Following a 17-year residency underground, billions (yes billions, not a typo) of cicadas soon are due to emerge throughout the Greater Cincinnati, Northern Kentucky and Southern Indiana regions, and local scientists are asking the public to help track them with a brand new app.
The class of periodical cicadas, “Brood X,” will begin emerging in early May to partake in what Gene Kritsky, Ph.D. calls a “generational event” for many residents in the area.
"For people who have been around awhile, they will remember what it was like 17 years ago or even farther back to when they were kids and they'll know what to expect," Kritsky, the dean of Behavioral and Natural Sciences at Mount St. Joseph University, says in a news release. "For those who weren't alive 17 years ago or who were too young at the time and can't remember, they are in for quite an experience."
Cicadas in Brood X will emerge throughout 15 U.S. states, including in nearby metropolitan areas such as Indianapolis, Louisville, Lexington, Columbus and Dayton.
Kritsky, a recognized expert in the cicada field study and published author on the subject, has developed an interactive way for cicadas to remain on scientists’ radar while also encouraging engagement from local citizens.
Kritsky created the Cicada Safari app in partnership with the Center for IT Engagement at Mount St. Joseph University.
The app allows users to search, photograph, video and map cicadas in their local area. Once the user submits their findings, scientists will then verify the cicada by studying their photograph or video. Following verification, the cicada will be included in Mount St. Joseph University’s cicada map.
Kritsky claims this information will move scientific research forward by determining the cicada distribution and population status across the region.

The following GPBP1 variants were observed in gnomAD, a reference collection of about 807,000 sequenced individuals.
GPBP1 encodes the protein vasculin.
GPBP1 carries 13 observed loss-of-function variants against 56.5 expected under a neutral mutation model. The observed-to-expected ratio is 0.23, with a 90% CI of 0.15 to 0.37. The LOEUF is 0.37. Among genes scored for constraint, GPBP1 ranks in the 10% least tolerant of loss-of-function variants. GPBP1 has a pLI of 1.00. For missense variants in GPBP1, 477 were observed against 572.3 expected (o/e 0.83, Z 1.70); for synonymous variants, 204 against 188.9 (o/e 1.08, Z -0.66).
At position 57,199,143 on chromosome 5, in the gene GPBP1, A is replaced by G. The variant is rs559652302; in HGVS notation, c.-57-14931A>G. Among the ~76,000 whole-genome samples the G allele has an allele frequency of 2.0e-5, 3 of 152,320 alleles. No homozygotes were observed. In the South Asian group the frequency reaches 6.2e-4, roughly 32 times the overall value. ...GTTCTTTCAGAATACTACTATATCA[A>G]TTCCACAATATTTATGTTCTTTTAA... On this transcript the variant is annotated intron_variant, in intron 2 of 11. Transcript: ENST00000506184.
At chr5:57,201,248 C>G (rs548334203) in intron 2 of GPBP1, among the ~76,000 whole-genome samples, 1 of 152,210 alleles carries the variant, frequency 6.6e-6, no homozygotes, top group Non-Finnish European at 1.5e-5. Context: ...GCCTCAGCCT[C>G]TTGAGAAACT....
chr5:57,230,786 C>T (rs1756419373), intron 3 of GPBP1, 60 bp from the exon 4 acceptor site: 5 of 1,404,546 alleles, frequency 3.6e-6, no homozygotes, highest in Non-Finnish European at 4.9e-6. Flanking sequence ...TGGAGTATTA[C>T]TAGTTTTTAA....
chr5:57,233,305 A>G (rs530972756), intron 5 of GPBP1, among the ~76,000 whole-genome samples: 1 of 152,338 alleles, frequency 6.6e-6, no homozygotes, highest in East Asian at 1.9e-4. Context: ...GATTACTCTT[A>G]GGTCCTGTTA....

“As strange as it may sound, periodical cicada broods can go extinct,” Kritsky says.
An example, Kritsky says, is the cicadas from Brood XI, which emerged in enormous numbers for centuries prior to becoming extinct in 1954.
Periodical cicadas are important to a region’s ecology, says Kritsky. The insect lays eggs in trees, which is a “natural pruning” that increases the amount of flowers and fruits in the following years. After their deaths, the cicadas’ bodies will decay and contribute a substantial amount of nutrients to the soil.
In addition to this tracking system being a vital tool of scientific research, the app is also an engaging way for members of the community to spend time outside during the warm summer months.
"We developed this app because so many people are fascinated by cicadas," Kritsky says. "This is true citizen science.”
Locals who want to join the safari trip can download the free app from the Apple app store or Google play. Folks also can learn more about cicadas through fact sheets, maps and activities by visiting CicadaSafari.org.